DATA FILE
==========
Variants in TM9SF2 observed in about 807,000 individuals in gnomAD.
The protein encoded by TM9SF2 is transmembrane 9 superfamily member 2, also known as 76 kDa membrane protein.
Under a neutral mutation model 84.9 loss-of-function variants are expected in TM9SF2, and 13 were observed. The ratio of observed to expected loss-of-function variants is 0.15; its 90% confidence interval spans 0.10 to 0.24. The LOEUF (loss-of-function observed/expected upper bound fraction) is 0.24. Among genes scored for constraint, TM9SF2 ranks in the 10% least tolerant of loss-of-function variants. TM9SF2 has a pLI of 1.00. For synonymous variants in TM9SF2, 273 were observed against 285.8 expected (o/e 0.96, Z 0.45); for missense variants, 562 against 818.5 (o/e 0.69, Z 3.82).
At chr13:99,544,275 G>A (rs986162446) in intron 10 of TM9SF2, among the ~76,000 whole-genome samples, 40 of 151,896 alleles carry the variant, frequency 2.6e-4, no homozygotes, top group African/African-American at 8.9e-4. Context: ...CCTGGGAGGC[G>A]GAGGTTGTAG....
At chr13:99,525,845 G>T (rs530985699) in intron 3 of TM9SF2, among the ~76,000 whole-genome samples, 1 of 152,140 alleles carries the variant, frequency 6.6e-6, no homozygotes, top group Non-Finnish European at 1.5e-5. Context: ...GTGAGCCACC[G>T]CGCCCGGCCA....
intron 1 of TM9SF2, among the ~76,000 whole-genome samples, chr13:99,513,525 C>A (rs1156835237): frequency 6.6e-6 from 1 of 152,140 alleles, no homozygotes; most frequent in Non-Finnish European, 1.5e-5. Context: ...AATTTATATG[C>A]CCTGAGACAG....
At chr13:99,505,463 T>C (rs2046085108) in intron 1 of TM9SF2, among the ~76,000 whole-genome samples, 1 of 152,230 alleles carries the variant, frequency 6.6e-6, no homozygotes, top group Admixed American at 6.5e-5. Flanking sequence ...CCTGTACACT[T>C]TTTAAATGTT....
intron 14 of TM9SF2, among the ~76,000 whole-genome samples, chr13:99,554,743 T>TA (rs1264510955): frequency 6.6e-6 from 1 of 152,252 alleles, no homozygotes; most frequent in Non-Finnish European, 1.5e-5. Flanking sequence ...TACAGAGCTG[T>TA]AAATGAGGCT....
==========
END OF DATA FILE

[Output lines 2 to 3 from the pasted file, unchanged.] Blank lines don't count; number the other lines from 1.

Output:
The protein encoded by TM9SF2 is transmembrane 9 superfamily member 2, also known as 76 kDa membrane protein.
Under a neutral mutation model 84.9 loss-of-function variants are expected in TM9SF2, and 13 were observed. The ratio of observed to expected loss-of-function variants is 0.15; its 90% confidence interval spans 0.10 to 0.24. The LOEUF (loss-of-function observed/expected upper bound fraction) is 0.24. Among genes scored for constraint, TM9SF2 ranks in the 10% least tolerant of loss-of-function variants. TM9SF2 has a pLI of 1.00. For synonymous variants in TM9SF2, 273 were observed against 285.8 expected (o/e 0.96, Z 0.45); for missense variants, 562 against 818.5 (o/e 0.69, Z 3.82).